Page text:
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Long-term efficacy, safety, and patient acceptability of ibandronate in the treatment of postmenopausal osteoporosis

Authors Inderjeeth C, Glendenning P, Ratnagobal S, Inderjeeth D, Ondhia C

Received 8 September 2014

Accepted for publication 16 October 2014

Published 17 December 2014 Volume 2015:7 Pages 7—17

DOI https://doi.org/10.2147/IJWH.S73944

Checked for plagiarism Yes

Review by Single-blind

Peer reviewer comments 2

Editor who approved publication: Professor Elie Al-Chaer


Charles A Inderjeeth,1,2 Paul Glendenning,2,3 Shoba Ratnagobal,1 Diren Che Inderjeeth,1 Chandni Ondhia1

1Department of Geriatric Medicine and Rheumatology, North Metropolitan Health Service, 2School of Medicine and Pharmacology, University of Western Australia, 3Department of Clinical Biochemistry, PathWest Royal Perth Hospital, Perth, WA, Australia

Abstract: Several second-generation bisphosphonates (BPs) are approved in osteoporosis treatment. Efficacy and safety depends on potency of farnesyl pyrophosphate synthase (FPPS) inhibition, hydroxyapatite affinity, compliance and adherence. The latter may be influenced by frequency and route of administration. A literature search using “ibandronate”, “postmenopausal osteoporosis”, “fracture”, and “bone mineral density” (BMD) revealed 168 publications. The Phase III BONE study, using low dose 2.5 mg daily oral ibandronate demonstrated 49% relative risk reduction (RRR) in clinical vertebral fracture after 3 years. Non-vertebral fracture (NVF) reduction was demonstrated in a subgroup (pretreatment T-score ≤ -3.0; RRR 69%) and a meta-analysis of high annual doses (150 mg oral monthly or intravenous equivalent of ibandronate; RRR 38%). Hip fracture reduction was not demonstrated. Long-term treatment efficacy has been confirmed over 5 years. Long term safety is comparable to placebo over 3 years apart from flu-like symptoms which are more common with oral monthly and intravenous treatments. No cases of atypical femoral fracture or osteonecrosis of the jaw have been reported in randomized controlled trial studies. Ibandronate inhibits FPPS more than alendronate but less than other BPs which could explain rate of action onset. Ibandronate has a higher affinity for hydroxyapatite compared with risedronate but less than other BPs which could affect skeletal distribution and rate of action offset. High doses (150 mg oral monthly or intravenous equivalent) were superior to low doses (oral 2.5 mg daily) according to 1 year BMD change. Data are limited by patient selection, statistical power, under-dosing, and absence of placebo groups in high dose studies. Ibandronate treatment offers different doses and modalities of administration which could translate into higher adherence rates, an important factor when the two main limitations of BP treatment are initiation and adherence rates. However, lack of consistency in NVF reduction and absence of hip fracture data limits more generalized use of this agent.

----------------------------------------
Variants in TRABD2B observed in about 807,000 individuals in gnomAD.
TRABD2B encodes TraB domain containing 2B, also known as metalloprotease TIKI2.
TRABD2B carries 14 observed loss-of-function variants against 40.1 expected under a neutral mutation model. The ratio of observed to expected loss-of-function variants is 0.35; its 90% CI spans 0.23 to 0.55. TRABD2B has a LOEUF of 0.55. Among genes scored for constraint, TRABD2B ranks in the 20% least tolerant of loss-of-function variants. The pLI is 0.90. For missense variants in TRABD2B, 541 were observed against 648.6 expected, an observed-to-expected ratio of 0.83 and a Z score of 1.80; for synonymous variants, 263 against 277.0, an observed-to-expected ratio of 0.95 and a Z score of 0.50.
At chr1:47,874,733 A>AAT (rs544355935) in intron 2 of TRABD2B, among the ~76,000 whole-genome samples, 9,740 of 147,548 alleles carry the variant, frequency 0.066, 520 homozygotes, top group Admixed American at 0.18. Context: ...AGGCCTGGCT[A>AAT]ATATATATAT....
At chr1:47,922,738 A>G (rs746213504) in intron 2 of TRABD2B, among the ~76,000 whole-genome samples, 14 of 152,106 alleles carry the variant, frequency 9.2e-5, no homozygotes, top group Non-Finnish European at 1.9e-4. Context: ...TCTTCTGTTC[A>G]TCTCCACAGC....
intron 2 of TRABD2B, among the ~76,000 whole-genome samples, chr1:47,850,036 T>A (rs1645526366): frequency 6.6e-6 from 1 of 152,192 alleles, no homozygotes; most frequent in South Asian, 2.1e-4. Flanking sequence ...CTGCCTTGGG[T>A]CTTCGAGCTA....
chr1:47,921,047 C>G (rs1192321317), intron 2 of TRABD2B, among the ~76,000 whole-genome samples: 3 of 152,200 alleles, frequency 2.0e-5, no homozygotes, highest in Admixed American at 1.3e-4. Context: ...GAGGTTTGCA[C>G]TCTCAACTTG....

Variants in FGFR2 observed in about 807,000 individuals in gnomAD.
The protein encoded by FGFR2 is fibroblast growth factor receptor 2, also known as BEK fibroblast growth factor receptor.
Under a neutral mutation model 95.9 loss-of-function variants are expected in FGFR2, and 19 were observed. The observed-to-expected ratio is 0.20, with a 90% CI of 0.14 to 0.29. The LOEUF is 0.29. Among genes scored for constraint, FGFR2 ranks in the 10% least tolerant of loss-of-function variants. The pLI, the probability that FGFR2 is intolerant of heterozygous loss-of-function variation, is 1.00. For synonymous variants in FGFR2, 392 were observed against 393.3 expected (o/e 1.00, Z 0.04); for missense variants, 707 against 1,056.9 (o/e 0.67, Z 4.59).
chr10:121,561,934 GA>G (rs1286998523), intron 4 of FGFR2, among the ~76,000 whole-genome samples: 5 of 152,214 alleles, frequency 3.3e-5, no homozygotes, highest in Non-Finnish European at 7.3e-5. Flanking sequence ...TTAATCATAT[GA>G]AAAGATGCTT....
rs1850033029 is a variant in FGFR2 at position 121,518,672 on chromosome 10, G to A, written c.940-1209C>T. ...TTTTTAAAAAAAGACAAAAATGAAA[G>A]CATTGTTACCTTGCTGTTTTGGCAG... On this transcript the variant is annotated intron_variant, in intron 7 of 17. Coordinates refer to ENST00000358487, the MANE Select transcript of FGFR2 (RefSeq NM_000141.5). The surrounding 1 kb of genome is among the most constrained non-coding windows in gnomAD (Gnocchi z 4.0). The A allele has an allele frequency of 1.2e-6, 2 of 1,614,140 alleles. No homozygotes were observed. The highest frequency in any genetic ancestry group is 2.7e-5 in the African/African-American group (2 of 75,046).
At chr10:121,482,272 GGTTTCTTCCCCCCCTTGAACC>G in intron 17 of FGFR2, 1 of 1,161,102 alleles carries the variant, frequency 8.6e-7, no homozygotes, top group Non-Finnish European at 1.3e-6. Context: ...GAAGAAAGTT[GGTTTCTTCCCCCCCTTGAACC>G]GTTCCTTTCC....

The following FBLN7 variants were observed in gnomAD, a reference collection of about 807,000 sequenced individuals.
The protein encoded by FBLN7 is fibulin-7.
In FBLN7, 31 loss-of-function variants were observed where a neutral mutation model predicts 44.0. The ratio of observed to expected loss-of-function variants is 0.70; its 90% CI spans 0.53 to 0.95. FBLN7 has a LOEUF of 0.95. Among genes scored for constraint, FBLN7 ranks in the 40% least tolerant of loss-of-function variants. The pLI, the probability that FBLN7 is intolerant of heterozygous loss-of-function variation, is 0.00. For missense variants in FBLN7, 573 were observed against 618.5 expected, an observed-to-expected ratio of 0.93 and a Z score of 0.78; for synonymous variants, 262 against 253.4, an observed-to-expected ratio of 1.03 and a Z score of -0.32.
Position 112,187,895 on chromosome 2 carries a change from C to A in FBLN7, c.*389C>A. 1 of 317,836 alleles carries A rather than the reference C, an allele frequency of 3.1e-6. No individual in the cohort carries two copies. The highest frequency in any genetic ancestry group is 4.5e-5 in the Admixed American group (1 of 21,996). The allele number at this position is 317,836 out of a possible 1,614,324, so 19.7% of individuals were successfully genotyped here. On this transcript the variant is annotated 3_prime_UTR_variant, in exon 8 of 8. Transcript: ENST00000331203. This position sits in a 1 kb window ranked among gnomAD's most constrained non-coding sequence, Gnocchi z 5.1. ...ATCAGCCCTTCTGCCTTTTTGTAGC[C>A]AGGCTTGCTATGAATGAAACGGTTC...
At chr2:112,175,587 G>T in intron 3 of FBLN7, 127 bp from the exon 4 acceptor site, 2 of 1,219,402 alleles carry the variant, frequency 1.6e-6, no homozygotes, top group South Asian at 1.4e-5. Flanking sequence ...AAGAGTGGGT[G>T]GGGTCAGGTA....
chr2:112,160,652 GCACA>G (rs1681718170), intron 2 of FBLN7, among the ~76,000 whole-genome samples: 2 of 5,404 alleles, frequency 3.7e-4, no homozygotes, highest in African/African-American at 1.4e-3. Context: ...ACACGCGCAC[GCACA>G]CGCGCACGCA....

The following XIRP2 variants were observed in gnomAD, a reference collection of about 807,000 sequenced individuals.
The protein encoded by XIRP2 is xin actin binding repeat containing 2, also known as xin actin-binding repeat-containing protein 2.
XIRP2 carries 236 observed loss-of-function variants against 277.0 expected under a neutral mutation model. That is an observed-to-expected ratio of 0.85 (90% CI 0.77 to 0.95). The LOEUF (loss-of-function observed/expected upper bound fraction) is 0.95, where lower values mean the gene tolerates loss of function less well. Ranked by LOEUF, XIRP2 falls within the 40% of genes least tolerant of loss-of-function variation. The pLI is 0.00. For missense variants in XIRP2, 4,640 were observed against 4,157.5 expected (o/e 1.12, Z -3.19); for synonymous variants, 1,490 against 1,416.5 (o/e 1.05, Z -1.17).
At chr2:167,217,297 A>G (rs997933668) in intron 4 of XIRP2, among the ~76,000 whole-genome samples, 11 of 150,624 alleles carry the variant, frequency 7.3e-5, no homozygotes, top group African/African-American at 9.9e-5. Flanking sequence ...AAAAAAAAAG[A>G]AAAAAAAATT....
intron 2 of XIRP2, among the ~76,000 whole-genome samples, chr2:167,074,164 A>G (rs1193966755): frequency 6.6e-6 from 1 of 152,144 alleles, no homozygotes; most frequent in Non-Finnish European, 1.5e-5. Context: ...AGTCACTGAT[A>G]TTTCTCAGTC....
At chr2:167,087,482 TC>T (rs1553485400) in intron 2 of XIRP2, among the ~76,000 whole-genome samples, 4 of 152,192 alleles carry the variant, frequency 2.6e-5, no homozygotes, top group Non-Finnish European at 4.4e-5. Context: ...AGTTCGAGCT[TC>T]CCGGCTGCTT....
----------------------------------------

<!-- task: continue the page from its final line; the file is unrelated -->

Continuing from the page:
Keywords: fracture, ibandronate, risedronate, zoledronic acid, alendronate


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